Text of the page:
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Elements PSM

Lost in Technology

Do operators read your procedures? Take a look at them and notice how long they are. Are they too long and cumbersome? Maybe it is time to review and revise them to a much more manageable length. Keep the extra information for a policy and keep your procedures to the point. It will help everyone involved!

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Elements PSM

When do you use a PSSR?

Most facilities I have seen only use a PSSR in conjunction with an MOC. While this is important, why are they not used every time a process gets re-started? When there is an emergency shut-down, are there important things that need to be checked before starting back up? That is what the PSSR is for! Or how about after a turnaround? Are you sure everything is lined up properly and you are ready to start the process? Use the tools you have to make sure! PSSR’s are good for more than only MOCs!

How do you use PSSRs at your facility?

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Elements PSM

Include Contractors in reviews

Along with the element of employee participation, contractors must be included. These embedded workers are as critical as direct employees. In many cases the use of contractors for maintenance activities has led to limited direct employee usage. Think about all the activities in which hazards in the worksite are being analyzed. Are contractors involved with JSAs, HAZOPs and LOTOs? A key piece of information may be missing if they are not!  Remember, every time a change occurs in the plant, the knowledge of the prior people who are in maintenance has been changed. Therefore contract personnel may have important information to help you be successful.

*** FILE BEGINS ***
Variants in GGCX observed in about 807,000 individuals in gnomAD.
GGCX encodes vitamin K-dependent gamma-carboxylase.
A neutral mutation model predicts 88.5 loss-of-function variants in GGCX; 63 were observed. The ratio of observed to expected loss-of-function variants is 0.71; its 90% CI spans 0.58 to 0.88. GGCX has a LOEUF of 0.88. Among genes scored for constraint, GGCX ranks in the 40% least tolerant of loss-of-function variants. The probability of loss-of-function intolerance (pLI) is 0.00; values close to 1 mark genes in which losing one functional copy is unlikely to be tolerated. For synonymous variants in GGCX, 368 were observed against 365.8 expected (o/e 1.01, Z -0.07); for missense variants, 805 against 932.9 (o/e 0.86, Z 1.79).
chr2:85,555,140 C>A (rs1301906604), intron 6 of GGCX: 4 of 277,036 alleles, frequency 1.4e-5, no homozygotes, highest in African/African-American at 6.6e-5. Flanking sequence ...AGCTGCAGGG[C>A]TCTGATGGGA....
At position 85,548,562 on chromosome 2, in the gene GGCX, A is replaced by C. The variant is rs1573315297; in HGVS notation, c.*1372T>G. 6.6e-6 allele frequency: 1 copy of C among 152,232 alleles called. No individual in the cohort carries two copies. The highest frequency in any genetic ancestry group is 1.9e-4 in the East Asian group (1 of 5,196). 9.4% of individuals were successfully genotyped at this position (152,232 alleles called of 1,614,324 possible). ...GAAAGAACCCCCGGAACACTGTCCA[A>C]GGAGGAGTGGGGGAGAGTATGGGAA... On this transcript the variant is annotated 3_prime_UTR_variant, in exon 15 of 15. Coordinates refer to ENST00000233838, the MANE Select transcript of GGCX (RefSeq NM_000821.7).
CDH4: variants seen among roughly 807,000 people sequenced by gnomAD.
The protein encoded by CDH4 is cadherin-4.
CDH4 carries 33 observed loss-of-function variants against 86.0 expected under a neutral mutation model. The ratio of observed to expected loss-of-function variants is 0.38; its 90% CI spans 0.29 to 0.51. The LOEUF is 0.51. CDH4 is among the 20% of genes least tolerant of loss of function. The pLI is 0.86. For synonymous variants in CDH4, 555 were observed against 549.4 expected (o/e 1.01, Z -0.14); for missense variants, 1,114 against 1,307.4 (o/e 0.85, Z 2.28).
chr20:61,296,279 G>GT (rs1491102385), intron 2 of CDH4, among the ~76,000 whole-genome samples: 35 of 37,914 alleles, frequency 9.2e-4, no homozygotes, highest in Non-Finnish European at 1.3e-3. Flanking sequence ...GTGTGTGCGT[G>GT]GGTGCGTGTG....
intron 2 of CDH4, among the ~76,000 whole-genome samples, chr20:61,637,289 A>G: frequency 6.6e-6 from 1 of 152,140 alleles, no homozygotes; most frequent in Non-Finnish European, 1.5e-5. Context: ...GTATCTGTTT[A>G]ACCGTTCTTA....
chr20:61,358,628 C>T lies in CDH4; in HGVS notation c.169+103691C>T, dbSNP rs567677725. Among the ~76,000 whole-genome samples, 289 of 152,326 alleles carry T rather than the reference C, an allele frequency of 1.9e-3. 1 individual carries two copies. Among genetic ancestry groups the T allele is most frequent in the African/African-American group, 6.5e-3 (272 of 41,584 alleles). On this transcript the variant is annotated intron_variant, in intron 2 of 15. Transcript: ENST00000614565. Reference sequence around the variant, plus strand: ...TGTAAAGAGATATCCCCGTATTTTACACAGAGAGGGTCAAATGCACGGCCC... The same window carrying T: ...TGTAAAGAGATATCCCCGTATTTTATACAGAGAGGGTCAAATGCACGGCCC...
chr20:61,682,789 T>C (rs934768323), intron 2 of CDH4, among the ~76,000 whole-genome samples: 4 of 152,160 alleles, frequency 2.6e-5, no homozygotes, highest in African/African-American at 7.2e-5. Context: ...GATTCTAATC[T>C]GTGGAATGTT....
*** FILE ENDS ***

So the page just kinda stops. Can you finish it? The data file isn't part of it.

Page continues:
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Elements PSM

How high is your MOC pile?

MOCs are difficult to manage and most sites allow them to pile up as priorities shift in maintenance and operations. Many times, MOCs sit around collecting dust and not getting implemented. Think about if these changes are absolutely necessary. Sometimes, upon second review the MOC has hazards or benefits that were not covered initially. If you find the MOC is still valuable, schedule it for completion! However, if the MOC is found to not be as desirable as initially intended, the MOC needs to be eliminated. Keep in mind that an MOC associated with a PHA needs to be reevaluated by the PHA team, and not only the operational management team.